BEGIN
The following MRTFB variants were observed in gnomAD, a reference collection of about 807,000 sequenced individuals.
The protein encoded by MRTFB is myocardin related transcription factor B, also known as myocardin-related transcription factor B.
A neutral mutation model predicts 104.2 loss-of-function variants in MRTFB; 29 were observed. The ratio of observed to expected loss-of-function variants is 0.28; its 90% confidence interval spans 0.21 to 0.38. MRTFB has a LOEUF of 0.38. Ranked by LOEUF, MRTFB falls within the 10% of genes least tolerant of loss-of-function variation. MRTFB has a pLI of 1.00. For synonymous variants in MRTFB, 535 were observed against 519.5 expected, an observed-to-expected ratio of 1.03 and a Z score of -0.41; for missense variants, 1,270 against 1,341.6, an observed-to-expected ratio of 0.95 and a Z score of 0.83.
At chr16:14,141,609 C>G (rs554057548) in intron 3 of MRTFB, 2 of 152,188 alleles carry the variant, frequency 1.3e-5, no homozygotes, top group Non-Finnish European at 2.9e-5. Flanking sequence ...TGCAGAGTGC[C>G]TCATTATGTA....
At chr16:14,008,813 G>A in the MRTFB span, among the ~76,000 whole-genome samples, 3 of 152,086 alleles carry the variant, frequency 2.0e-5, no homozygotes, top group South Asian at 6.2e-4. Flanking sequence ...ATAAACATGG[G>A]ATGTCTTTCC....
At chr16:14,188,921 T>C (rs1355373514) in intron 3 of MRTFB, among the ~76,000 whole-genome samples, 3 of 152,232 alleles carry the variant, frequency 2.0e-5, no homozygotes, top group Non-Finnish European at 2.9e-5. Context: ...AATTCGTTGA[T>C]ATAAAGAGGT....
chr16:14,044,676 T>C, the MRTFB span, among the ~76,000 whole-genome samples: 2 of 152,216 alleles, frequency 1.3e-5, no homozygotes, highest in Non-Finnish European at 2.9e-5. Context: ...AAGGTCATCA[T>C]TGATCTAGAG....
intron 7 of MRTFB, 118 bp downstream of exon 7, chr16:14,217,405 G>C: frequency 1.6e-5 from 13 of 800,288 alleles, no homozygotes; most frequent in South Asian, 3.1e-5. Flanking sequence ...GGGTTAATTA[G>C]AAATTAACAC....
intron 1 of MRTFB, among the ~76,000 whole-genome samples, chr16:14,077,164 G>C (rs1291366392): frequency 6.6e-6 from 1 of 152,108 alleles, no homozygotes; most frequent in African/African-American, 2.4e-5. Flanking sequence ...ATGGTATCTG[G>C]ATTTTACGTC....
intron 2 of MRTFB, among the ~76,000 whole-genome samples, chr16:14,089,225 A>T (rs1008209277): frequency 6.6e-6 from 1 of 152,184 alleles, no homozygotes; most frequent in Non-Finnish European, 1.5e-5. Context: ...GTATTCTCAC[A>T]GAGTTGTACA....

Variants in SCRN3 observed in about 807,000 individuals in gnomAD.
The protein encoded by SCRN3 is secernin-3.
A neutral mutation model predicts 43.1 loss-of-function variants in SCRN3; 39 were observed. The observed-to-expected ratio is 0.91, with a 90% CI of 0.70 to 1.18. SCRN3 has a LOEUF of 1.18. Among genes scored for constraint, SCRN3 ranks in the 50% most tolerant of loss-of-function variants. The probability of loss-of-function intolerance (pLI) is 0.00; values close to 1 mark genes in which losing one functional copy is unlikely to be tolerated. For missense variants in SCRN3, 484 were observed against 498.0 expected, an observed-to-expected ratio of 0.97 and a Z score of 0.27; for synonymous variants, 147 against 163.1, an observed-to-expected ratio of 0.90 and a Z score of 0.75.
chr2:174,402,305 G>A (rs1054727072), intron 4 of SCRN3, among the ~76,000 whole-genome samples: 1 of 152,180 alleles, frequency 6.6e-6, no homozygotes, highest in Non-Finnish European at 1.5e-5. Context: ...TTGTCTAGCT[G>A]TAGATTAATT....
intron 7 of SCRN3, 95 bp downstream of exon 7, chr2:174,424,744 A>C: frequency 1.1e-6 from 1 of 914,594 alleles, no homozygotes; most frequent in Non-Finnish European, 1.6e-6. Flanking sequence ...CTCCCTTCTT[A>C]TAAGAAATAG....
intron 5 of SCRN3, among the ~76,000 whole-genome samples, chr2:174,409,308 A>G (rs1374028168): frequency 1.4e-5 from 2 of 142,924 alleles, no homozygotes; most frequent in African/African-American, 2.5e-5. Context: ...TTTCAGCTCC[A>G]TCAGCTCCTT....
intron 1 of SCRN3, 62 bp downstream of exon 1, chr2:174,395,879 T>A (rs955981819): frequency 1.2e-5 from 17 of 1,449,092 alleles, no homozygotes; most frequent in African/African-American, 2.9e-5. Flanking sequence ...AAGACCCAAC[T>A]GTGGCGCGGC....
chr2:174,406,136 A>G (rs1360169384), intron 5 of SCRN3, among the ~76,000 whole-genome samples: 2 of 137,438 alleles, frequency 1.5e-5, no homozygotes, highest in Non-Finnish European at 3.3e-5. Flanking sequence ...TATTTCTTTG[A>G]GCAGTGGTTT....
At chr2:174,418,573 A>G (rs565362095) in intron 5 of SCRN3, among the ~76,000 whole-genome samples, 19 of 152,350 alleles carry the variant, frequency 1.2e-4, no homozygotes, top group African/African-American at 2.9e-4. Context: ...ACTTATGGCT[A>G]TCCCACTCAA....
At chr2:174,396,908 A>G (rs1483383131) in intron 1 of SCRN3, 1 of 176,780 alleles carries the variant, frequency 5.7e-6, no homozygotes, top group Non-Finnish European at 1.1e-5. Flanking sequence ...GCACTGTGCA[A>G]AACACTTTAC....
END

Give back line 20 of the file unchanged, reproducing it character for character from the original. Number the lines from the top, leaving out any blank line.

At chr2:174,396,908 A>G (rs1483383131) in intron 1 of SCRN3, 1 of 176,780 alleles carries the variant, frequency 5.7e-6, no homozygotes, top group Non-Finnish European at 1.1e-5. Flanking sequence ...GCACTGTGCA[A>G]AACACTTTAC....